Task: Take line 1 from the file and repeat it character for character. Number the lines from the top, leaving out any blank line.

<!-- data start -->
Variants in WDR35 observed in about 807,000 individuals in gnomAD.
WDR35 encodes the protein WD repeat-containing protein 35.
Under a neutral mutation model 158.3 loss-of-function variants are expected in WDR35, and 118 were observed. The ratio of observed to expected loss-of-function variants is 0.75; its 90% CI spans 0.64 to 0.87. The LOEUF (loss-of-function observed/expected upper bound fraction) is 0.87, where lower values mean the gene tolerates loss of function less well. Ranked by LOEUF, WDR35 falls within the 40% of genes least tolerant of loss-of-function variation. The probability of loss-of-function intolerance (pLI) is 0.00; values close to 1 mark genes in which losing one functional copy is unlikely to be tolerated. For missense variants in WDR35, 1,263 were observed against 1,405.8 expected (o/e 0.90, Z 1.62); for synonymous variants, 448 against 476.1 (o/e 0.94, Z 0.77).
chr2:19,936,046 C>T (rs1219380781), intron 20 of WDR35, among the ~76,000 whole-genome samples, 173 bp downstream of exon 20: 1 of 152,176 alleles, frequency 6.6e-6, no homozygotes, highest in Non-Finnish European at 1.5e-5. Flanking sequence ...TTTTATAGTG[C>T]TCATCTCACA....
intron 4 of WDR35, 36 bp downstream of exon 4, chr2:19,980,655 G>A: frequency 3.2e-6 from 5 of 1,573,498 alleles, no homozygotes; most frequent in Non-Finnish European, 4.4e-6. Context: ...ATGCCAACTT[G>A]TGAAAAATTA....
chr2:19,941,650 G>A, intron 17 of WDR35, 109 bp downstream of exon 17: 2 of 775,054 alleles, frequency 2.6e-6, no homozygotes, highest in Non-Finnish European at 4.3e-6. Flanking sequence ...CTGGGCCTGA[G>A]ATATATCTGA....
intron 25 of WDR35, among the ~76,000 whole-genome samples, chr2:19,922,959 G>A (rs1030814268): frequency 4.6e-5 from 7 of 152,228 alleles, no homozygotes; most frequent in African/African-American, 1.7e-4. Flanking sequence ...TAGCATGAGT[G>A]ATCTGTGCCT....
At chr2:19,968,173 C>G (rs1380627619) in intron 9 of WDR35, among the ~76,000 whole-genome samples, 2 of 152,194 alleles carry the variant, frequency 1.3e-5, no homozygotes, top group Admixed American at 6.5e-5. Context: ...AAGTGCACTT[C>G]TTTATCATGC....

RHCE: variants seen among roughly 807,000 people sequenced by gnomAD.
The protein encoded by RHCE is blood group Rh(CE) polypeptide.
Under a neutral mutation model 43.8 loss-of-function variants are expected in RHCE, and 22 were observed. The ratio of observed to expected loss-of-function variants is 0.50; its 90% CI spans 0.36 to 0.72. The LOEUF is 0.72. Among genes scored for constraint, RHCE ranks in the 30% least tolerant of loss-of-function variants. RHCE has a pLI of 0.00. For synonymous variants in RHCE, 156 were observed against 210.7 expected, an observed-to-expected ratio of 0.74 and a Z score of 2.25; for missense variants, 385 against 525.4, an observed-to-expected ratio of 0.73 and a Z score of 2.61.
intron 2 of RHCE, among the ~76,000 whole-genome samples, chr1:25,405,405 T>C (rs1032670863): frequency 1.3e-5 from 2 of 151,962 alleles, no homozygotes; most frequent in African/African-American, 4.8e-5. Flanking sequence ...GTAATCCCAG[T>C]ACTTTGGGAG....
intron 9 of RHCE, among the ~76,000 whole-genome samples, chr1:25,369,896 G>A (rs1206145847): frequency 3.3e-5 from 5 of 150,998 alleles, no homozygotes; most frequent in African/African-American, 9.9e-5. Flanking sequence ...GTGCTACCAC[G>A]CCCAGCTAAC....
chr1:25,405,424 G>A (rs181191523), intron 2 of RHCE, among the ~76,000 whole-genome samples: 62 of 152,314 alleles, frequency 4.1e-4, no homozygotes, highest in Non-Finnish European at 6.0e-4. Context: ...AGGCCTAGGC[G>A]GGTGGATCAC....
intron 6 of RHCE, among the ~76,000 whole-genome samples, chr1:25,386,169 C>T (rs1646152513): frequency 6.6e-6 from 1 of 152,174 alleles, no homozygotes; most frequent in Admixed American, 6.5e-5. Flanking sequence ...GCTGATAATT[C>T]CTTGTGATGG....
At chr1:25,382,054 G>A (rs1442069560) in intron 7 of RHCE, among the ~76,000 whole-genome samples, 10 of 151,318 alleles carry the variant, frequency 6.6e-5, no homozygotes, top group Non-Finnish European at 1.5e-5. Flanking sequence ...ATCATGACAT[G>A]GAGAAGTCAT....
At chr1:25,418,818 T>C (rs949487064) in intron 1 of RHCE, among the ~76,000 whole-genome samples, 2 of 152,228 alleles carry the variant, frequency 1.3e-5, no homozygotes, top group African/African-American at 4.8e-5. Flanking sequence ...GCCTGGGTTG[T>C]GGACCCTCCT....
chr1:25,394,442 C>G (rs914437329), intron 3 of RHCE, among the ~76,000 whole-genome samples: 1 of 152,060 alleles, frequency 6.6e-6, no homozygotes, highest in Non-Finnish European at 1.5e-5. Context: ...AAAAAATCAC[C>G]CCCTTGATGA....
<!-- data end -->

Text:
Variants in WDR35 observed in about 807,000 individuals in gnomAD.